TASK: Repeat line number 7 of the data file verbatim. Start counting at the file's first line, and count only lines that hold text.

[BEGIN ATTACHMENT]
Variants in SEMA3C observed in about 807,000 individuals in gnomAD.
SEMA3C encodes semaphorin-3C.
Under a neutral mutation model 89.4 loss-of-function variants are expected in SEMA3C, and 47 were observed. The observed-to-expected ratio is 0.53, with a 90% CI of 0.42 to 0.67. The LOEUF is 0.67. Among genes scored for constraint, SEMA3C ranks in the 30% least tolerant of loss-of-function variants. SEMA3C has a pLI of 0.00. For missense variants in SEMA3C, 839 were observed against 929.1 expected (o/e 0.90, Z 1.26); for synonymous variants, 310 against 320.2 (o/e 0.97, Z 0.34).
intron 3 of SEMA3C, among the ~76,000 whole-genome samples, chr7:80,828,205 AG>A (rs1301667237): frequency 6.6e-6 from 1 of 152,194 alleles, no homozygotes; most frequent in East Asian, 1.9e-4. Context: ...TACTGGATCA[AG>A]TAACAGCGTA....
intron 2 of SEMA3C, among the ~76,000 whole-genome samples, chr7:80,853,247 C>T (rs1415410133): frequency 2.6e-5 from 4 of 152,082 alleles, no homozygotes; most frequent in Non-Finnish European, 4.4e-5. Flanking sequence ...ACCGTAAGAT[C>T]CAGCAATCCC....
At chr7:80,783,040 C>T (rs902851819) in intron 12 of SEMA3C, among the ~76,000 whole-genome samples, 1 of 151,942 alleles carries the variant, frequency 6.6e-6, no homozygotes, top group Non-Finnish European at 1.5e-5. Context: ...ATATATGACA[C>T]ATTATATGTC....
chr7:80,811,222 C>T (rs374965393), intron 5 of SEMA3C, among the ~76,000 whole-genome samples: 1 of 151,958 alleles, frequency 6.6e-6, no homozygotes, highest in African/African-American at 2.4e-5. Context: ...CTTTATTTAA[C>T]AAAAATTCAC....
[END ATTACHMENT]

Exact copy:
chr7:80,811,222 C>T (rs374965393), intron 5 of SEMA3C, among the ~76,000 whole-genome samples: 1 of 151,958 alleles, frequency 6.6e-6, no homozygotes, highest in African/African-American at 2.4e-5. Context: ...CTTTATTTAA[C>T]AAAAATTCAC....